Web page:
The author’s first article was entitled: “True sex-ed – cultivating purity in modesty.”  It appeared in the August ’91 (Insight).  Fr. Gillis is a retired professor, St. Francis Xavier University, Antigonish, N.S.

It is important that Christians know that the drive for explicit classroom sex education did not originate with either the Holy Spirit or the Church.

We can safely say that it largely owes its momentum to Planned Parenthood (PP) and  those who sympathize with its philosophy of life.

These self-appointed crusaders find great support in the current scare over the spreading of AIDS.  But long before this dread disease, Planned Parenthood was in the forefront of world-wide campaign to promote contraception and abortion.  PP’s goal – which they never make any attempt to conceal – has always been to reduce the world’s population by encouraging young people to accept contraception and abortion as a ‘necessity of life.’  They are well aware that to succeed in their task, they must eliminate the Judeo-Christian concept of sexuality.  The current alarm over AIDS provides ‘grist for their mills’ and they are determined to ‘grind’ it for all it is worth!


Between contraception and abortion, so persistently advocated by Planned Parenthood as a solution to ‘unwanted’ pregnancy, and the dreaded loss of life association with AIDS, many today are caught in a dilemma.  For Roman Catholics in particular, the dilemma is between the Church’s teaching on sex education and that of secular society.  There are Catholics today, therefore, who are not opposed to explicit sex education in the class room so long as such education is carried out in a Catholic moral framework.

Again, in the interest of their children avoiding AIDS they do not object to teaching about condoms and methods of masturbation in school, so long as the children are assured that such ‘safe-sex’ methods are morally wrong, and (practically speaking) they are not reliable.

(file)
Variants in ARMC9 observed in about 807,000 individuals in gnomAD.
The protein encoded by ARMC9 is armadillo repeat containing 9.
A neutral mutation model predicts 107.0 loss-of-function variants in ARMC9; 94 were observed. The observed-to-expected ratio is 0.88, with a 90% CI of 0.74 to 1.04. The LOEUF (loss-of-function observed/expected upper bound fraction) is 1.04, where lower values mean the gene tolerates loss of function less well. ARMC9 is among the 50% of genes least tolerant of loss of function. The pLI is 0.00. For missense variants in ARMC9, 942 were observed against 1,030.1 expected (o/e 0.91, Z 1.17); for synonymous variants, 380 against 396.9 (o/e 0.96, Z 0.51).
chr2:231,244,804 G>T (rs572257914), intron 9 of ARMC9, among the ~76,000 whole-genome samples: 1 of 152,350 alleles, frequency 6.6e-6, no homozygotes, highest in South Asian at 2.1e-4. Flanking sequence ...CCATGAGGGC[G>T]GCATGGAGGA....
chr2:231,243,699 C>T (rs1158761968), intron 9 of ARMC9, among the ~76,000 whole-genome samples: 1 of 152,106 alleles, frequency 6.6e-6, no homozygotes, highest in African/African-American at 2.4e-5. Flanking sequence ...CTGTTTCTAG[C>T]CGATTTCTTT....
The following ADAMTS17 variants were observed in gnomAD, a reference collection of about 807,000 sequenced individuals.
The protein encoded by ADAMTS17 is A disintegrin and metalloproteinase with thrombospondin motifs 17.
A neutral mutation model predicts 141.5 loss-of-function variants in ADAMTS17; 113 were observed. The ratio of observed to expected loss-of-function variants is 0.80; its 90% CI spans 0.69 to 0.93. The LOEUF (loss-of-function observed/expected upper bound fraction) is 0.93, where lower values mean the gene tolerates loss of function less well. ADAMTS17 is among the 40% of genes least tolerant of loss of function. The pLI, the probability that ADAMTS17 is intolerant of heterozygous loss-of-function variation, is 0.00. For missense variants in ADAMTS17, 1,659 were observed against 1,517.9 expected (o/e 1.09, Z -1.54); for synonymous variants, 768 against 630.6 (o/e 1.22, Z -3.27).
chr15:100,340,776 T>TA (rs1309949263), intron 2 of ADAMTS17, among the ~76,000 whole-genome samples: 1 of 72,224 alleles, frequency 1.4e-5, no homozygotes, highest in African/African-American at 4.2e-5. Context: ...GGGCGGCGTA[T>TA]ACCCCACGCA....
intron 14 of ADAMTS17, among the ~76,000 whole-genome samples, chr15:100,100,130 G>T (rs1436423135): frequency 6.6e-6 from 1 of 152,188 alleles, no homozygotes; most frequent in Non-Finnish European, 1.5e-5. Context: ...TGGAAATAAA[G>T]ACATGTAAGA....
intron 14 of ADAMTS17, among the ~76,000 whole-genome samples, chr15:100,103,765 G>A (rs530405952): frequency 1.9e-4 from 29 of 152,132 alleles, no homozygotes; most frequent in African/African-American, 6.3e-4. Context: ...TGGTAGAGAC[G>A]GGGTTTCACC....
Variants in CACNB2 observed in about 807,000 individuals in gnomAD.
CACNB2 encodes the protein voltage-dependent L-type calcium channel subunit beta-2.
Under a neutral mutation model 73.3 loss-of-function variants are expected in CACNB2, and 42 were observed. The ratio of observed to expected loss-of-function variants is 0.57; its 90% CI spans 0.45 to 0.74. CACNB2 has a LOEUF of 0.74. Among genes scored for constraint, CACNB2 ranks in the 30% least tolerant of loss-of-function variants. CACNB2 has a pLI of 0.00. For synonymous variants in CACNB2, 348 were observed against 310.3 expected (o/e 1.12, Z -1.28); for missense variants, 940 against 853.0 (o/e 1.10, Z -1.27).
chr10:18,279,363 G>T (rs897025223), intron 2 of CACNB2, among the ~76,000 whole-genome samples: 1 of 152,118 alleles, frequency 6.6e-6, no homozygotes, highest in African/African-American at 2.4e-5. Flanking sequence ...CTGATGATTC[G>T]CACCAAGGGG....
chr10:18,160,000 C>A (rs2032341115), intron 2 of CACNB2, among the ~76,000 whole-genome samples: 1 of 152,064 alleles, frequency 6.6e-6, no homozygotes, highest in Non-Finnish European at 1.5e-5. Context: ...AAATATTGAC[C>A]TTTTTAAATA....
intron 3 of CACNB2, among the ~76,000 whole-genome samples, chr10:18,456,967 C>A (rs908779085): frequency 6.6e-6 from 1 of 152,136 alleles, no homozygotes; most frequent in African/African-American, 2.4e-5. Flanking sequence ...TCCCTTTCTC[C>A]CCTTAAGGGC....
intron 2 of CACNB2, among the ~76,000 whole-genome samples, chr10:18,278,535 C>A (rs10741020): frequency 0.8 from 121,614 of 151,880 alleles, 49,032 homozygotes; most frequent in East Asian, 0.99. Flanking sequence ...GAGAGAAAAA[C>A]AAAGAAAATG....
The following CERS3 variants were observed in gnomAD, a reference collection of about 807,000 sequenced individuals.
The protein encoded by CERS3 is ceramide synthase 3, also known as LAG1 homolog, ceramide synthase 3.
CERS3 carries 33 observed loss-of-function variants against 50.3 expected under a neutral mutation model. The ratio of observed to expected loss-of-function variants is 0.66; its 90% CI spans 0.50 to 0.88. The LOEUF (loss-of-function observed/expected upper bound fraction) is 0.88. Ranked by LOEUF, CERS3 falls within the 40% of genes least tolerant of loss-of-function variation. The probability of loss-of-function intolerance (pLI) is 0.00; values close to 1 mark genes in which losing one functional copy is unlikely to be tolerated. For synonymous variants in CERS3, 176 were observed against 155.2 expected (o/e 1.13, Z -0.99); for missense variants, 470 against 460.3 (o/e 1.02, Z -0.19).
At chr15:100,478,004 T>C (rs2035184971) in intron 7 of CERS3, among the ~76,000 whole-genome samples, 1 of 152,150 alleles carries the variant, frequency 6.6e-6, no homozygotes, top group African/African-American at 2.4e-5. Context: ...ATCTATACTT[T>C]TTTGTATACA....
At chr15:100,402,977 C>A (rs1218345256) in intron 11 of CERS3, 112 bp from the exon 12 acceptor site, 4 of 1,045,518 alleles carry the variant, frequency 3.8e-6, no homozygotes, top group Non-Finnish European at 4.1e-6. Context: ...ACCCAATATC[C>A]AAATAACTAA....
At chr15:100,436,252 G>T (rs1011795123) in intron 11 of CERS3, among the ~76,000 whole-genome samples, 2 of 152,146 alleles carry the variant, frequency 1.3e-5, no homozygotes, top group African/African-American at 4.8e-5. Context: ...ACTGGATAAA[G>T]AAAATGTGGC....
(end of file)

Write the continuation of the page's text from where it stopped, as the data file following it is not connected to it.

The problem here is that all discussion on condoms and masturbation in the classroom violates the Christian and Catholic framework of morality.

How so?

Because, as we said earlier, it violates in the children their God-given and innate modesty in the area of sexuality.  If Catholics are to follow the Church’s teaching on sex education, they have to be convinced that the only attention Catholic teachers should pay to ‘safe sex’ methods is what it takes to condemn them.

All discussion in the classroom, therefore, on the function, the description, and the so-called medical value of such ‘safe-sex’ methods is unnecessary, misleading and immodest.

Explicitness accepted

What do we say to those who argue that, since today’s young people are already quite accustomed to explicit pictures and talk about sex, explicit sex education in the classroom cannot really harm them?

Even if we were to concede that today all young people are already accustomed to sexual explicitness, it cannot be overlooked that a classroom, staffed by a good Catholic teacher, may be the only lace where young people can learn a truly reverent approach to sexuality.

The goal of Catholic sex education should be to impart to the young the moral and spiritual truth about the totality of the mystery of sexuality.  One fundamental truth relating to sexuality – one that all Catholic teachers are obliged to teach their pupils – is that modesty in the area of sexuality must always be respected, protected and nurtured.  Those teachers can teach most about modesty who are themselves modest.  How teachers in the classroom teach their students about sex can mean more to them that what is being taught.

What about the experts?

Catholic teaching maintains that parents have the primary say in the sex education that is imparted in school to their children.

One may reply: “Are you saying that parents, who often have no academic degrees, are as competent as experts in this field?”

The answer: “I am not saying so, but neither am I denying it.”